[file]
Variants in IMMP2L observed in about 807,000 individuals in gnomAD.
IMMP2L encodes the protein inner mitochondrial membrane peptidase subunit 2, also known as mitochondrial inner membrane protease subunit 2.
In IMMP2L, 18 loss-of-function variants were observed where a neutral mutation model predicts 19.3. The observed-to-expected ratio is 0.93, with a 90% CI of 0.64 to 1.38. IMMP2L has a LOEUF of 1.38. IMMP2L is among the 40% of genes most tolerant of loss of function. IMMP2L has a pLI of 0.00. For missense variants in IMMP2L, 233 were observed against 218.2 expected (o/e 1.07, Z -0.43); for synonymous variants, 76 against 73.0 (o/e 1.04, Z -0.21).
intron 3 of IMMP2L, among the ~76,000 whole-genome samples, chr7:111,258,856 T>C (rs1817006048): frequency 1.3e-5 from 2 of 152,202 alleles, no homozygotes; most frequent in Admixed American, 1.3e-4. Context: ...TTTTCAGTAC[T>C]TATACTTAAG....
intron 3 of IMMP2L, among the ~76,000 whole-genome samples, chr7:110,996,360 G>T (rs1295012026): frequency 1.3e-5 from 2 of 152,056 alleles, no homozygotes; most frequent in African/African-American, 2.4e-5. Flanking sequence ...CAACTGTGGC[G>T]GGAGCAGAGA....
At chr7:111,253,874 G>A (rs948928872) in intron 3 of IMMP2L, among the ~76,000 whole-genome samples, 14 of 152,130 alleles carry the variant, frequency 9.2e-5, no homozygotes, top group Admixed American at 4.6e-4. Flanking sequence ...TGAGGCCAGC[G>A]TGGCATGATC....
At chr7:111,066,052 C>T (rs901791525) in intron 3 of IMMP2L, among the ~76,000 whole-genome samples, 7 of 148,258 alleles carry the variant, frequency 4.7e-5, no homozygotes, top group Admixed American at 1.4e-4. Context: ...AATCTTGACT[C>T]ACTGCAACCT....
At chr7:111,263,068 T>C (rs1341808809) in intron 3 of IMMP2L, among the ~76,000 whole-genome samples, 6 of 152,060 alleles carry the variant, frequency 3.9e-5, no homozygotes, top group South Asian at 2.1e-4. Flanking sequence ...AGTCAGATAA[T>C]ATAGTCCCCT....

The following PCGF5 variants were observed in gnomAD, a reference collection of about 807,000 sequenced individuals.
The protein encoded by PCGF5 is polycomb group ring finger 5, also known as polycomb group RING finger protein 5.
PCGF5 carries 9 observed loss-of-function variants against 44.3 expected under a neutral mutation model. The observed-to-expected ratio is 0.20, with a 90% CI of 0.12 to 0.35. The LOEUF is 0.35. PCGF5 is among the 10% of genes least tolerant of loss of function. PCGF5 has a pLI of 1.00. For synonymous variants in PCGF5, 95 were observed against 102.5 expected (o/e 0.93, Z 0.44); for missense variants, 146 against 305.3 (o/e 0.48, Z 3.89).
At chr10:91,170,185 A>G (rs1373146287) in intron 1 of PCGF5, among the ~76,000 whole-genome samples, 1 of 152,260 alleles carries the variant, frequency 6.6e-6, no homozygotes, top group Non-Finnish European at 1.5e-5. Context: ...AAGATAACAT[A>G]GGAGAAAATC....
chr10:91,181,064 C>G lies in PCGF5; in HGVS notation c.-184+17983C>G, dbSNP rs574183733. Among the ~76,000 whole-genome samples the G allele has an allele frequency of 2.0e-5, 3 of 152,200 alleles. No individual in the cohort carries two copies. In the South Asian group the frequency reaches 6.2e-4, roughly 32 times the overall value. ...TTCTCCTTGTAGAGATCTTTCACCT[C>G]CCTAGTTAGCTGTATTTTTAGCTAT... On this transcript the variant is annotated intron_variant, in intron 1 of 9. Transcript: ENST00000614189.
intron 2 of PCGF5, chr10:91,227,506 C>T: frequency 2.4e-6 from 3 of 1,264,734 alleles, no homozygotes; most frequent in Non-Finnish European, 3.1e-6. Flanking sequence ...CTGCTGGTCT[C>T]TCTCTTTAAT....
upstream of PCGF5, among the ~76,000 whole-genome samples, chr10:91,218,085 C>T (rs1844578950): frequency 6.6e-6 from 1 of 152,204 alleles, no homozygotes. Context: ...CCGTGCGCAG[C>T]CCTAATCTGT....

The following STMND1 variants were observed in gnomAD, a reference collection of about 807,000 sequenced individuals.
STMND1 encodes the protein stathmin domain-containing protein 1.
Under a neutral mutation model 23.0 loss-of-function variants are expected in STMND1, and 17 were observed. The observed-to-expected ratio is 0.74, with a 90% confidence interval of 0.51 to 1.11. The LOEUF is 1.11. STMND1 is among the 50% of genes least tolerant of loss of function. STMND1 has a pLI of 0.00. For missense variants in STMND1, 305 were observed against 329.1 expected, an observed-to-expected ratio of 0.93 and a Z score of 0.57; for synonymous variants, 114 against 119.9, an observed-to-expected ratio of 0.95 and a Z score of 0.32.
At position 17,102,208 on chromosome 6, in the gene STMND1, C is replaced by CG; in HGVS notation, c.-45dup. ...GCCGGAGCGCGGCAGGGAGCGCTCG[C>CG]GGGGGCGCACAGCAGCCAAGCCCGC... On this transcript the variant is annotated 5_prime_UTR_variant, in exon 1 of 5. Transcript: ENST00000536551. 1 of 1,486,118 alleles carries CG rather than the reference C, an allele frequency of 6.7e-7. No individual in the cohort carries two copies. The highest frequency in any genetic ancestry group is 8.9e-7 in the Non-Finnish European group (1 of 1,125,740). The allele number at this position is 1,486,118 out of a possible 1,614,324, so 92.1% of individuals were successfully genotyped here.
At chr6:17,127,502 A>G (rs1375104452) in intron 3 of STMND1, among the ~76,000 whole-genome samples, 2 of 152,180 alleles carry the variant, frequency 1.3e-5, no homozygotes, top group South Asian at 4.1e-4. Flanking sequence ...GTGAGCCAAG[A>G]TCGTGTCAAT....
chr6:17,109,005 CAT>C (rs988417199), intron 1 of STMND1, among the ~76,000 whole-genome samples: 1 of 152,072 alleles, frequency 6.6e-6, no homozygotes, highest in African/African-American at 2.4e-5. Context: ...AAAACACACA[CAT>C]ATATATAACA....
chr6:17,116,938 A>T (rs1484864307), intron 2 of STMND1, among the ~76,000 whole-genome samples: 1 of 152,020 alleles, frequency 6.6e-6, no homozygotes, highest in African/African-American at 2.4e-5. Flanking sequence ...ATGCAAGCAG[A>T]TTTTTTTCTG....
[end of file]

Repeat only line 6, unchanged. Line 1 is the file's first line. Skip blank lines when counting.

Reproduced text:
At chr7:111,253,874 G>A (rs948928872) in intron 3 of IMMP2L, among the ~76,000 whole-genome samples, 14 of 152,130 alleles carry the variant, frequency 9.2e-5, no homozygotes, top group Admixed American at 4.6e-4. Flanking sequence ...TGAGGCCAGC[G>A]TGGCATGATC....